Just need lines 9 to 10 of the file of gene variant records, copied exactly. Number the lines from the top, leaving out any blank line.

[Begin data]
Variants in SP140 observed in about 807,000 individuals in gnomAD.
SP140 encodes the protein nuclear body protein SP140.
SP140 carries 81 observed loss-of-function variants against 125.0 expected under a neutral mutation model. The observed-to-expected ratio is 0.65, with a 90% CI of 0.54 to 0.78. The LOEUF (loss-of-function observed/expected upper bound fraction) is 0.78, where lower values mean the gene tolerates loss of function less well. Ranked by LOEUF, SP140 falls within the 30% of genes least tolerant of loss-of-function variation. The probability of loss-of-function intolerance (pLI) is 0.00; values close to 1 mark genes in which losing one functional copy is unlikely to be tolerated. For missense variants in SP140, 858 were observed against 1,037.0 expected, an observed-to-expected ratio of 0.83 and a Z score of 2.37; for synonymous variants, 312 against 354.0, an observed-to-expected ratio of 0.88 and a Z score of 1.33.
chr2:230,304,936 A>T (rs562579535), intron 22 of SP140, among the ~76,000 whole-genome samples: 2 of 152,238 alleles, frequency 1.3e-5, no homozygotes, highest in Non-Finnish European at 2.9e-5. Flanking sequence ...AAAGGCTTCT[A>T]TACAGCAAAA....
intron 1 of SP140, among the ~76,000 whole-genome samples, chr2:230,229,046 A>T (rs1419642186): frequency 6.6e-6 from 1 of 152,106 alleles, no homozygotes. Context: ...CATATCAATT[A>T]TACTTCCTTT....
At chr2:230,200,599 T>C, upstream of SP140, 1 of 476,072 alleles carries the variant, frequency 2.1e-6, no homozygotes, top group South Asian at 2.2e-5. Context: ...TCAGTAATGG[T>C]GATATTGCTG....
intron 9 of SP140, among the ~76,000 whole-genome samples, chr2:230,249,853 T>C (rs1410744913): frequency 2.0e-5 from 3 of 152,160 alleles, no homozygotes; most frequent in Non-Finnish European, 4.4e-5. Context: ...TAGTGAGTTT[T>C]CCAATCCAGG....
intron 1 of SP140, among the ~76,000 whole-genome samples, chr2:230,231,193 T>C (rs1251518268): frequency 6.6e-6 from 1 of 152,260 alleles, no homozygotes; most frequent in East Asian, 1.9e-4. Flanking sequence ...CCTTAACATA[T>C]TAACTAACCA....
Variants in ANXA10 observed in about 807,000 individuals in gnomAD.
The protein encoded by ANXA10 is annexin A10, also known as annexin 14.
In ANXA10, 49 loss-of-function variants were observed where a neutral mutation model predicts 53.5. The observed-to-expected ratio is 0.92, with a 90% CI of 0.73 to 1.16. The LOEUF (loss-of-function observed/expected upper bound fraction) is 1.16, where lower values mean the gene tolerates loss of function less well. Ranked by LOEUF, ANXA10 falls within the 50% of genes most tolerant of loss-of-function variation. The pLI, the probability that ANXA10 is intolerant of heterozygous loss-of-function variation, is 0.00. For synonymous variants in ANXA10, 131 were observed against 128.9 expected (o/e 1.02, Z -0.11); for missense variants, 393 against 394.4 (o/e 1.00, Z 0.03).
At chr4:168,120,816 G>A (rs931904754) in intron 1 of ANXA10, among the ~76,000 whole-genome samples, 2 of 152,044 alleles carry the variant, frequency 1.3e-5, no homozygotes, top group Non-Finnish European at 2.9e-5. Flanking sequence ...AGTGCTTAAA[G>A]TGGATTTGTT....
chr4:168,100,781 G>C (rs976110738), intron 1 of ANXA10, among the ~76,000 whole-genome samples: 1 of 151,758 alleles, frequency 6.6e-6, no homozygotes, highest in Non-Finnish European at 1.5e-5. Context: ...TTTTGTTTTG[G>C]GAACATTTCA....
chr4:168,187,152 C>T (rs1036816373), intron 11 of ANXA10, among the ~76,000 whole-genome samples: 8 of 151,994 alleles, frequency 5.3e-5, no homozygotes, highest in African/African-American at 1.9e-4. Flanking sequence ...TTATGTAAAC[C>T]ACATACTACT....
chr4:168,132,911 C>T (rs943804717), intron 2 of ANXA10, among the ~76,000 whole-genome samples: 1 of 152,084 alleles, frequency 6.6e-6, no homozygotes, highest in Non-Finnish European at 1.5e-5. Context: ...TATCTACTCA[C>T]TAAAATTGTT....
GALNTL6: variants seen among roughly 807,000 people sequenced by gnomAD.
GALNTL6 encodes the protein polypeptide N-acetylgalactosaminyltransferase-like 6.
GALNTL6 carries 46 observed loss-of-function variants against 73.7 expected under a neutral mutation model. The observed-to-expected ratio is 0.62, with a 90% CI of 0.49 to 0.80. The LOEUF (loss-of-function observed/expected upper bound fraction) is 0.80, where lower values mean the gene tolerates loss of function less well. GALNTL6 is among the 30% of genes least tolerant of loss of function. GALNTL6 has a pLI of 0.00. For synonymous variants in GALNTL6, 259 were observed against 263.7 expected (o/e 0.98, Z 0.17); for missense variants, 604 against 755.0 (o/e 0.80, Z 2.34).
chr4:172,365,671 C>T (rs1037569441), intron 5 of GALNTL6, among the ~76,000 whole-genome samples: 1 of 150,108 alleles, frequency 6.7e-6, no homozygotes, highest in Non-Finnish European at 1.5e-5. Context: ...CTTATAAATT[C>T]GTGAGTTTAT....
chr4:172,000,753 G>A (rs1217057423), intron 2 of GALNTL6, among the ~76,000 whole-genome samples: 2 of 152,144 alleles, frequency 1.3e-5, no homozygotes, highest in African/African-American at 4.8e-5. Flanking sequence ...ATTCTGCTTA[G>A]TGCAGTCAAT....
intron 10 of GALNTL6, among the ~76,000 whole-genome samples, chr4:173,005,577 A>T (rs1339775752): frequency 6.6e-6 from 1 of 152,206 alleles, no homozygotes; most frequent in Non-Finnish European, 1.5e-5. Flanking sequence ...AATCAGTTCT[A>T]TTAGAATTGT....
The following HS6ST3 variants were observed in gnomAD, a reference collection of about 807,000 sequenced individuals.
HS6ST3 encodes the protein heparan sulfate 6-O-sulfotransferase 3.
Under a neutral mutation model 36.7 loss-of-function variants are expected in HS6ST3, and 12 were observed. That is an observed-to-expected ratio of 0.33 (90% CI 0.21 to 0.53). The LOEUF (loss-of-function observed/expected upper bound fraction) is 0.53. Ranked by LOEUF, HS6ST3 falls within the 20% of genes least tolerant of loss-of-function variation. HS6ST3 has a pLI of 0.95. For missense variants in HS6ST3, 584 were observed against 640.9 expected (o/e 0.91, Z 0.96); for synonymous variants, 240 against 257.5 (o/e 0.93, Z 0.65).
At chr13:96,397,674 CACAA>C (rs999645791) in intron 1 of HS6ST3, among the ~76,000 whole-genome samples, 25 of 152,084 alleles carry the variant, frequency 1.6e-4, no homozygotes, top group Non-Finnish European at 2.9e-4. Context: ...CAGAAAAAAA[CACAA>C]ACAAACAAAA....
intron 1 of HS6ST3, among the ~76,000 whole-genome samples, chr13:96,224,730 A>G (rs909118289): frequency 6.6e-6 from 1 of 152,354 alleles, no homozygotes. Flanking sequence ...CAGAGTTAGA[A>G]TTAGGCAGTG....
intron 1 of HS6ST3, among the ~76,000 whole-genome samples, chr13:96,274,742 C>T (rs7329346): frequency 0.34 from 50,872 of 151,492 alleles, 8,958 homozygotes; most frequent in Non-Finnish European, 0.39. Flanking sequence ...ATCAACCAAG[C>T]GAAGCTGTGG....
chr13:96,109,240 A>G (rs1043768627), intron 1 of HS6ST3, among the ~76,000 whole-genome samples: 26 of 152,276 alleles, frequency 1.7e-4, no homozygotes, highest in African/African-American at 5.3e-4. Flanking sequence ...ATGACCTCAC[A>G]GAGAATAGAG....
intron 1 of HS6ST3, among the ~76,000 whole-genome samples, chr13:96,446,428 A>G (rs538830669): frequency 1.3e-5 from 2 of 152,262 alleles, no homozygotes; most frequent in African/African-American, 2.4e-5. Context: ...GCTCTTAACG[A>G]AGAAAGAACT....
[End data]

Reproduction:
Variants in ANXA10 observed in about 807,000 individuals in gnomAD.
The protein encoded by ANXA10 is annexin A10, also known as annexin 14.